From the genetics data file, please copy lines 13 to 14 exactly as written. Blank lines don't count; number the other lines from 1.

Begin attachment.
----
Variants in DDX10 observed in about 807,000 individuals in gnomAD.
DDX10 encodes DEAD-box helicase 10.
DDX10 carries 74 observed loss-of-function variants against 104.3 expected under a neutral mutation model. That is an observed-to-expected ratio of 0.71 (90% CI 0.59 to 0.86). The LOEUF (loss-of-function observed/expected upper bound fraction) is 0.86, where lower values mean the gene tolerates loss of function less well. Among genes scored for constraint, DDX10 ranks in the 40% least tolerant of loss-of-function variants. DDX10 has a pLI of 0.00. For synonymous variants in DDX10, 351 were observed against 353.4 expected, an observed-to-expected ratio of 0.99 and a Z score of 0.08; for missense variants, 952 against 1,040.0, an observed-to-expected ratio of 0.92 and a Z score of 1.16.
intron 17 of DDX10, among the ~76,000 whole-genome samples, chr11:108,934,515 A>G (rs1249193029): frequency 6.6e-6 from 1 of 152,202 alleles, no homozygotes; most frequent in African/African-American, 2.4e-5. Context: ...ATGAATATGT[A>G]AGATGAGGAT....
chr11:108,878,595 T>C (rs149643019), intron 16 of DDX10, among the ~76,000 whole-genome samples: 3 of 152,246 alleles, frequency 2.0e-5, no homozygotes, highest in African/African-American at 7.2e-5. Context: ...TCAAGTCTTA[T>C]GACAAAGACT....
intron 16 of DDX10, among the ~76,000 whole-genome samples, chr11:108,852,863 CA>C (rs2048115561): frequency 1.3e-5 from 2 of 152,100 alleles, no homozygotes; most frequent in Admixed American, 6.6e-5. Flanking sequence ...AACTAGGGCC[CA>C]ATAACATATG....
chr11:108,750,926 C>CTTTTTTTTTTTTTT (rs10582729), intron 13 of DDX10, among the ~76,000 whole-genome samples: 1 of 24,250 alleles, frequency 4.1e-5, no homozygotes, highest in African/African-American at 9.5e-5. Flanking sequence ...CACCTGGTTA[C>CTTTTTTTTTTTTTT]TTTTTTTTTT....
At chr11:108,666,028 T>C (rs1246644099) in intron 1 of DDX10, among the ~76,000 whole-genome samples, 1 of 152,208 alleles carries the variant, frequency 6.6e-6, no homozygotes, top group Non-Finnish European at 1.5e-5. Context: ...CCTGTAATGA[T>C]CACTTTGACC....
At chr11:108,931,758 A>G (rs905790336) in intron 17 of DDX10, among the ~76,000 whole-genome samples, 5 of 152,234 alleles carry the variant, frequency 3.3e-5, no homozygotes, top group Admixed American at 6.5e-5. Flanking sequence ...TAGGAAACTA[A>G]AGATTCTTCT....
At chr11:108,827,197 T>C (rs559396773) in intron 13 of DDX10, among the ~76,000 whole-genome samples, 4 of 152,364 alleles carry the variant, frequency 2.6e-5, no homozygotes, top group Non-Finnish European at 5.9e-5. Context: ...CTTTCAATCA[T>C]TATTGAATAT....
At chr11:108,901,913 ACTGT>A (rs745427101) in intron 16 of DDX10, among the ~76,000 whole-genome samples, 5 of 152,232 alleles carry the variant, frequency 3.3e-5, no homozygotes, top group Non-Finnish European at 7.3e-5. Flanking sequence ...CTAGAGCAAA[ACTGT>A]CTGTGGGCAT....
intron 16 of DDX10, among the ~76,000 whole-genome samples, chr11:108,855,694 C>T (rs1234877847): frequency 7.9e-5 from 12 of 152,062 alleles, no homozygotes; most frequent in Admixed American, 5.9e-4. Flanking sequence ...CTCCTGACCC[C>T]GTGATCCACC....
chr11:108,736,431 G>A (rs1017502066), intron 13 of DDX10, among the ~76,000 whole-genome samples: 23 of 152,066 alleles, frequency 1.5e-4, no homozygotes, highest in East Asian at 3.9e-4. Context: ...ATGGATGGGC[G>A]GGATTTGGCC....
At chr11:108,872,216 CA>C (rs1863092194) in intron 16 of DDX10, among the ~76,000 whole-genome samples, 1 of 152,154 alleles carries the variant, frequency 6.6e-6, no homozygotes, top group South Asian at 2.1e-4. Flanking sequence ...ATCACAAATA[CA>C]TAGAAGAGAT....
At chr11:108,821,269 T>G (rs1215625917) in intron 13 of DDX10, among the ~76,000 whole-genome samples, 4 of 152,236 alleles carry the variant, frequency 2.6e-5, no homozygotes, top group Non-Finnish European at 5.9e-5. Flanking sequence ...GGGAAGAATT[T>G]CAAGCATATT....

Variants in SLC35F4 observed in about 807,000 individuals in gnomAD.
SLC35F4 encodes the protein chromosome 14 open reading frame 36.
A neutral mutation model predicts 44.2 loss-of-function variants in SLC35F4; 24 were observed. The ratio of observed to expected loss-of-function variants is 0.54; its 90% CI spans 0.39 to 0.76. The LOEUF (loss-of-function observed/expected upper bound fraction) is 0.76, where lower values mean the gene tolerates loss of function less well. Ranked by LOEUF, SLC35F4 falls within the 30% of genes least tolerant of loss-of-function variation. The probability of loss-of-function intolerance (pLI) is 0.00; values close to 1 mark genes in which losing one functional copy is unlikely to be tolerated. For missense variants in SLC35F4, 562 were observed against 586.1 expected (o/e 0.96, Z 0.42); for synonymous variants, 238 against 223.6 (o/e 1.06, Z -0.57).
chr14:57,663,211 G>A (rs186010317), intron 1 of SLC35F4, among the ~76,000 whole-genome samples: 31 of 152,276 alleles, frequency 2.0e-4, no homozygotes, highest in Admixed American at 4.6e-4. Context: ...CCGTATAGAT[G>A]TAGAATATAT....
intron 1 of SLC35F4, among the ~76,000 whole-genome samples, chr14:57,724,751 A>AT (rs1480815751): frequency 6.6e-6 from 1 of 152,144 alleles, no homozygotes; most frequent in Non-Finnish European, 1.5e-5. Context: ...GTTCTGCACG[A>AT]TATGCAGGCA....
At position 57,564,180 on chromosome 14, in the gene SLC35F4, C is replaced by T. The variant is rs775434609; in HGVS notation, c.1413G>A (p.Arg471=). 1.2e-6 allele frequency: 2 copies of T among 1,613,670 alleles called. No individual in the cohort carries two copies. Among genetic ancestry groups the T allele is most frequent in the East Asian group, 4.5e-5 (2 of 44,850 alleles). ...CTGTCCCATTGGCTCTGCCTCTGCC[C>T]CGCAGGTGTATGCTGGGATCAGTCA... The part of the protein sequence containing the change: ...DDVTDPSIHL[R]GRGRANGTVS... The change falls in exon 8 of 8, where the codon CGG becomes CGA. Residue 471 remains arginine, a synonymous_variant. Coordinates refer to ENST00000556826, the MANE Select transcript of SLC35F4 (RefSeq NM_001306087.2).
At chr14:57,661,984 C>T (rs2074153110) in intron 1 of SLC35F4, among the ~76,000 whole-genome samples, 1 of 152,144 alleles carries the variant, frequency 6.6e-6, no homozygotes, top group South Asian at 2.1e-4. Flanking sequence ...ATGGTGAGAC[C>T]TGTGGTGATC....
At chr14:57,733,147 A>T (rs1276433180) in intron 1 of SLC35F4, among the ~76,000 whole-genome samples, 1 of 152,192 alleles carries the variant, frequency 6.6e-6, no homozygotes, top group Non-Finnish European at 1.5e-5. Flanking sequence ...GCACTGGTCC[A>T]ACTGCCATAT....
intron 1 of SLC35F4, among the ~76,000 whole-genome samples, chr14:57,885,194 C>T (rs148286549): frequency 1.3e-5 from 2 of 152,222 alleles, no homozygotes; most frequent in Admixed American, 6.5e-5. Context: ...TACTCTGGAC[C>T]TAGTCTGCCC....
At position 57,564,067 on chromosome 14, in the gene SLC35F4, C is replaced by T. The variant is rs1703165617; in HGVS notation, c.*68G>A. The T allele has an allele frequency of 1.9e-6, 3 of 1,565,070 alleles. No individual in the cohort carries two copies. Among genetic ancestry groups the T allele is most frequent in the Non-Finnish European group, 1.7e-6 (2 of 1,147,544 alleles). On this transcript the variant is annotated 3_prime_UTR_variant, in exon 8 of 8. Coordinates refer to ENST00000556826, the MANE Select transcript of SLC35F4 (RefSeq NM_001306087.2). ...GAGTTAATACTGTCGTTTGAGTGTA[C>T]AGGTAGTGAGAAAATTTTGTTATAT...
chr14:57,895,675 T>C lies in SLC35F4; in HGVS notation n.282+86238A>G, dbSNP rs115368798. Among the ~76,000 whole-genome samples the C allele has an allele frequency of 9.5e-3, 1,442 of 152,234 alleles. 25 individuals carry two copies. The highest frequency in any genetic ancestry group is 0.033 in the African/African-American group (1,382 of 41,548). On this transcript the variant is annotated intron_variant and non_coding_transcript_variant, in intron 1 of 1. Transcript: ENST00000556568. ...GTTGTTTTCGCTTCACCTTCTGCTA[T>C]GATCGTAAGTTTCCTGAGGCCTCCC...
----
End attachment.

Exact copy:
chr11:108,736,431 G>A (rs1017502066), intron 13 of DDX10, among the ~76,000 whole-genome samples: 23 of 152,066 alleles, frequency 1.5e-4, no homozygotes, highest in East Asian at 3.9e-4. Context: ...ATGGATGGGC[G>A]GGATTTGGCC....
At chr11:108,872,216 CA>C (rs1863092194) in intron 16 of DDX10, among the ~76,000 whole-genome samples, 1 of 152,154 alleles carries the variant, frequency 6.6e-6, no homozygotes, top group South Asian at 2.1e-4. Flanking sequence ...ATCACAAATA[CA>C]TAGAAGAGAT....